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Posts Tagged ‘Sunday Mail’

This is the world of little Britain and Scotland wants no part

Gerry Hassan

Sunday Mail, June 26th 2016

This is what the death of a nation looks like – petty nationalism, populism, fact-free politics, and surprises everywhere. This is the world of ‘little Britain’ – and it isn’t pretty.

These are unpredictable times. There is anger and frustration. Whole sections of British society feel that politicians, elites and experts don’t understand them. Such is their desperation and feeling of powerlessness that many felt that Boris Johnson and Nigel Farage are the answer.

This referendum is about Europe, and has been a long time coming, but is also a proxy about so much more. It’s about the right-wing English press, the media and public obsession with personalities (even in politics), immigration, austerity and the ‘left behind’ working class.

Cameron gambled a second time for high stakes in a referendum and lost. That is bad enough, but he has lost the main strategic union for the UK internationally, and may have brought the union between Scotland and England to a bitter end. Read the rest of this entry »

This campaign is a future warning from a British Trumpland

Gerry Hassan

Sunday Mail, June 19th 2016

The Euro campaign has been without any joy or love, and has reached depths unseen for decades in British politics – reducing complex subjects to the gutter.

This last week has been a humbling one. The tragic death of Labour MP Jo Cox, the UKIP poster ‘Breaking Point’ on the threat of mass immigration coming to the UK, and the disgraceful antics of Leave.EU (the UKIP dominated Leave campaign) linking the Orlando massacre to Muslim immigration.

It has been a long low road to this sad point. Left-wingers and liberals have for decades evaded talking about immigration. Labour, in particular, have avoided any real conversation with its voters for the last fifty years on the subject. As a result, UKIPers and right-wingers have burst through this spiral of silence, claiming ‘politically correct’ censorship, and ended up using a language of stigmatisation, populism and cheap solutions. Read the rest of this entry »

Was 1966 the last great British sporting moment? Andy Murray apart?

Gerry Hassan

Sunday Mail, June 12th 2016

‘They think it’s all over. It is now.’ These are some of the most famous words ever in the history of British sporting commentary.

The fiftieth anniversary of 1966 is upon us. When England beat West Germany 4-2 at Wembley and became football World Cup champions. It is a long time ago, but as the European Championships kick off, with everyone taking part from the UK bar Scotland, the memories and myths of that triumph still linger.

1966 is obviously for English fans a time to savour and celebrate. It has always been much more complex for Scottish fans, and seen as a cross that has to be borne for many. One retort over the years used to be: ‘they never stop going on about it’, but that has become less true with the passing of the years.

Go back to the summer of 1966. In many respects it was then a very British triumph. The mascot of the games was British, not English. The union flag flew at games, not the St. George’s Cross. Read the rest of this entry »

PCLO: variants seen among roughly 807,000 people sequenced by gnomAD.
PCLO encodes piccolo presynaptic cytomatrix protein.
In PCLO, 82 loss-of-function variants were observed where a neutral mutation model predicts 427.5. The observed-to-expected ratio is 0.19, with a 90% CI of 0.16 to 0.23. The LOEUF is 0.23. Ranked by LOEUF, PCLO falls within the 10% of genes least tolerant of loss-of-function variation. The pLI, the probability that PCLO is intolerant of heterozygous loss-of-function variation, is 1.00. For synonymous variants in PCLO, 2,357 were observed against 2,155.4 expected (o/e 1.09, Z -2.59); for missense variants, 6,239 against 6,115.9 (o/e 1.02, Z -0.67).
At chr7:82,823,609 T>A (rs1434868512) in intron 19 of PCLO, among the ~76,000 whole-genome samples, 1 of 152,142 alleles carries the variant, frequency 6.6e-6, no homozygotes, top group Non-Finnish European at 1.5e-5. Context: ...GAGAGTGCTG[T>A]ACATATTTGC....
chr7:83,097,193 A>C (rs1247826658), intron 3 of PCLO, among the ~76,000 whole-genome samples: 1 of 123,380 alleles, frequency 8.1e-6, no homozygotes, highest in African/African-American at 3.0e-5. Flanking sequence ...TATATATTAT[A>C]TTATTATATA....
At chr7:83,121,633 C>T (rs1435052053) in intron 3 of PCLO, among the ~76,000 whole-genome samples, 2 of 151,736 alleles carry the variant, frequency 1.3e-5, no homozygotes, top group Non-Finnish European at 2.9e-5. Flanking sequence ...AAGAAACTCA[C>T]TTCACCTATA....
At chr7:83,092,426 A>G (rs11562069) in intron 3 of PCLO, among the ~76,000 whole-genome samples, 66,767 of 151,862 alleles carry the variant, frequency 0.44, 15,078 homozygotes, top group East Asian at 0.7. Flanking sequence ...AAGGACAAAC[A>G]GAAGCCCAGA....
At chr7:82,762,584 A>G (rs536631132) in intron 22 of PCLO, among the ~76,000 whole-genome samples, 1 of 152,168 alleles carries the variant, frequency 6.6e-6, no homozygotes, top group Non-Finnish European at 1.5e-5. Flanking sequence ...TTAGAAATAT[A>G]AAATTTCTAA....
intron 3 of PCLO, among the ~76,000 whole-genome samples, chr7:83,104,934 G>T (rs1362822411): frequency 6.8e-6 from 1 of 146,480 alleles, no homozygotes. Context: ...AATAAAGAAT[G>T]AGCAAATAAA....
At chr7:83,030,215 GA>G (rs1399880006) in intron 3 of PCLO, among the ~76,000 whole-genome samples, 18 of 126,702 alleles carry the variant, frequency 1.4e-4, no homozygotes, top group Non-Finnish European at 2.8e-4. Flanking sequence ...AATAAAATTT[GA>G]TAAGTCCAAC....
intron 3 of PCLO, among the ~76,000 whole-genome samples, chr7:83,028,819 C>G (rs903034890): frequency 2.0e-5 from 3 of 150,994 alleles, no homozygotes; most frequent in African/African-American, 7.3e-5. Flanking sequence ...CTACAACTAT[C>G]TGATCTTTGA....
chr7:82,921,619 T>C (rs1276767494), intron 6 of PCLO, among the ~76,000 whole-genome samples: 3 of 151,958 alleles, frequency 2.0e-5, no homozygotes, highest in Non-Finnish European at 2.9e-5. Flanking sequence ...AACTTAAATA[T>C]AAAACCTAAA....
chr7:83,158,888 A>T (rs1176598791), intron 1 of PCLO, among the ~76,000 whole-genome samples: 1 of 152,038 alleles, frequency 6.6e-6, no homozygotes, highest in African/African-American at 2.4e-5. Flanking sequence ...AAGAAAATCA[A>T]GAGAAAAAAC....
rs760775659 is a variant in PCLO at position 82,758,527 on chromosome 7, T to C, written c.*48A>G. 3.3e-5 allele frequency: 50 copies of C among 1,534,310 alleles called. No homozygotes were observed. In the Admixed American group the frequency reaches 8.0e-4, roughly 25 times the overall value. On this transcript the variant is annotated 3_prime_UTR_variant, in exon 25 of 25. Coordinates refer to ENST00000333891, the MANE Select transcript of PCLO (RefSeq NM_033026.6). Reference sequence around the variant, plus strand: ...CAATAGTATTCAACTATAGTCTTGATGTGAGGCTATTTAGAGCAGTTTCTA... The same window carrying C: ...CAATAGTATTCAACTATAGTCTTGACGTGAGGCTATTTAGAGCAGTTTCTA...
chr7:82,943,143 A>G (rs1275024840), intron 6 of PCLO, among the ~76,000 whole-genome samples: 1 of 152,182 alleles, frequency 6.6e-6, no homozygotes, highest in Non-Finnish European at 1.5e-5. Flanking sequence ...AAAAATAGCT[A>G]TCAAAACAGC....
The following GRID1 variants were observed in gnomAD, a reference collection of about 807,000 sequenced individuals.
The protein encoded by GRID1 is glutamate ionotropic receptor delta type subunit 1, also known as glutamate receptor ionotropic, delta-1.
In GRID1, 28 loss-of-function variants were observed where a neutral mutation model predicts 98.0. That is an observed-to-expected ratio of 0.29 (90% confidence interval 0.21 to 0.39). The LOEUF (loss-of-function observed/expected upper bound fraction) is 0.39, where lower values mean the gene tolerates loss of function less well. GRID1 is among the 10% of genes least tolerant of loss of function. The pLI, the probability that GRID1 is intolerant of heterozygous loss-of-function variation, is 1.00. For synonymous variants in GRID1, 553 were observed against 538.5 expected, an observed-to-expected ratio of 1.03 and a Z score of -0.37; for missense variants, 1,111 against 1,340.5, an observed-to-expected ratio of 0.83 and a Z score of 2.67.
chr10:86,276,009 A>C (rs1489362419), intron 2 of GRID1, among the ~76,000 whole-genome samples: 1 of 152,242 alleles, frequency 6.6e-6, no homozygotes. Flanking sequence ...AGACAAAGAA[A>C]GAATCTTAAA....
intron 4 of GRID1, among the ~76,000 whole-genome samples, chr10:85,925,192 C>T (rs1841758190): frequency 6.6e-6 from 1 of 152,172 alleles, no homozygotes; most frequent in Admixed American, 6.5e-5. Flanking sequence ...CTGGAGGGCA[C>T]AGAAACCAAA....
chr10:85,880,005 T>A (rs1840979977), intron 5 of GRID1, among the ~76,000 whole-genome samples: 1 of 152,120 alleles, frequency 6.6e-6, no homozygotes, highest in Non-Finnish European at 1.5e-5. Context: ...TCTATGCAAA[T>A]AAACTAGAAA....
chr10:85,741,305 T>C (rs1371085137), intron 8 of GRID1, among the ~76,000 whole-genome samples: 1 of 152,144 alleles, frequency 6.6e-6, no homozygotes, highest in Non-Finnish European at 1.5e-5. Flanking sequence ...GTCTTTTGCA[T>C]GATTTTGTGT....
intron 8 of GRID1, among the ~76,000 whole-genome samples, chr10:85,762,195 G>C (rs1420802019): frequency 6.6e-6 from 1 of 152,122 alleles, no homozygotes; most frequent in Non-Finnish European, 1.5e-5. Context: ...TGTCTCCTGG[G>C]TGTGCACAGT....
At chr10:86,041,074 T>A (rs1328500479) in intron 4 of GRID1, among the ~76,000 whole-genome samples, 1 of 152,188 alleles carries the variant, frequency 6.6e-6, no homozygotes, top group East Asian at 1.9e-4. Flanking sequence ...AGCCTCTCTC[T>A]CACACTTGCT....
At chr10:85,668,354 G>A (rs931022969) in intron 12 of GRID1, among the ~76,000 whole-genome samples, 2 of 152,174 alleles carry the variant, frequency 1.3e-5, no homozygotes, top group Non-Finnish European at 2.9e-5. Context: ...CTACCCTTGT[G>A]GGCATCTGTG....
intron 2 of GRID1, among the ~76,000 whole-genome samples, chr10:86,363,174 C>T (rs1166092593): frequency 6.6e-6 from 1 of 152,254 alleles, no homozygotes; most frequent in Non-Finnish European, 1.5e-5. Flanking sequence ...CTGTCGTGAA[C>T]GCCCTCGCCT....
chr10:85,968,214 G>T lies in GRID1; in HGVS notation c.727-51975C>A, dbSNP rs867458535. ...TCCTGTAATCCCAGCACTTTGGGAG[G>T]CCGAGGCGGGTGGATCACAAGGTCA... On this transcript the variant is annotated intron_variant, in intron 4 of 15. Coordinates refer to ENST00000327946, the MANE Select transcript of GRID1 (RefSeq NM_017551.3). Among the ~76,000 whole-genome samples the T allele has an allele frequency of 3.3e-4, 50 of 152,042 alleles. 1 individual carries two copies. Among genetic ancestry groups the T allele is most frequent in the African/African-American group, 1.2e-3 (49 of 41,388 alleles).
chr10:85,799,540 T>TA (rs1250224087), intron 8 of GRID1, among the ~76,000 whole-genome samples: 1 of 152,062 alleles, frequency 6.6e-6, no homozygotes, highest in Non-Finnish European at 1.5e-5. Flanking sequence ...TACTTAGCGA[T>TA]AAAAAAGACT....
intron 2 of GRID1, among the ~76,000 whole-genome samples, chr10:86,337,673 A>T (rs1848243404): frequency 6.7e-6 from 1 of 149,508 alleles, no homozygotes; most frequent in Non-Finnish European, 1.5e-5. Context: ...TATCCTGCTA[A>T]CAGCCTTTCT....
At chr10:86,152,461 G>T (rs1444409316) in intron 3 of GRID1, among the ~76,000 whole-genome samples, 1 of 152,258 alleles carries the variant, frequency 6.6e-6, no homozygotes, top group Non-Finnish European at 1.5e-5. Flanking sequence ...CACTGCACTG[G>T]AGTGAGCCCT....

Confused by the European Debate? You should be!

Gerry Hassan

Sunday Mail, June 5th 2016

The EU referendum is so far one of the worst political debates in my lifetime, with no sign of it improving. It is unlikely to descend to the gutter of Trump v. Clinton coming up shortly. But it still leaves a lot to be desired.

The academic Philip Cowley this week compared the referendum to ‘a shit game of football match, with little skill, in the pouring rain, on a Tuesday, but there still has to be a winner.’

There are good arguments for Remain and Leave. Remain can make the case for EU co-operation, the advantages of the single market, the EU’s contribution to peace, prosperity and democracy across the continent, and the importance of stability in an uncertain world.

Leave can put an equally valid case. The EU is the only continent in the world bar Antarctica not experiencing economic growth. It is a declining bloc as a share of world trade (30% in 1980, now 17%); its bureaucratic consensus decision-making make it slow, and it has been unable to deal with such recent crises as Greece and immigration. Read the rest of this entry »

Glasgow’s Success is Key to Scotland’s Success

Gerry Hassan

Sunday Mail, May 29th 2016

Glasgow is Scotland’s biggest city. It may only contain 606,340 people in its council boundaries, but the Greater Glasgow conurbation is double that – at 1.2 million.

Glasgow is one of the drivers of the Scottish economy and society: a place of great wealth, enterprise, jobs and culture. But it is also characterised by staggering degrees and levels of poverty, inequality and disadvantage. This isn’t anything remotely new and has been the case since the city experienced rapid industrialisation from the early 1800s, but it limits the city and the potential of its inhabitants.

Take the debate on public health – centred around what has become known as ‘the Glasgow effect’. This shows that, allowing for poverty and material circumstances, the city’s health record is much worse than elsewhere in Scotland – and to comparable cities like Liverpool and Manchester. Read the rest of this entry »

The People’s Flag and the Union Jack: An Alternative History of Britain and the Labour Party
Gerry Hassan is a writer, commentator and thinker about Scotland, the UK, politics and ideas. more >
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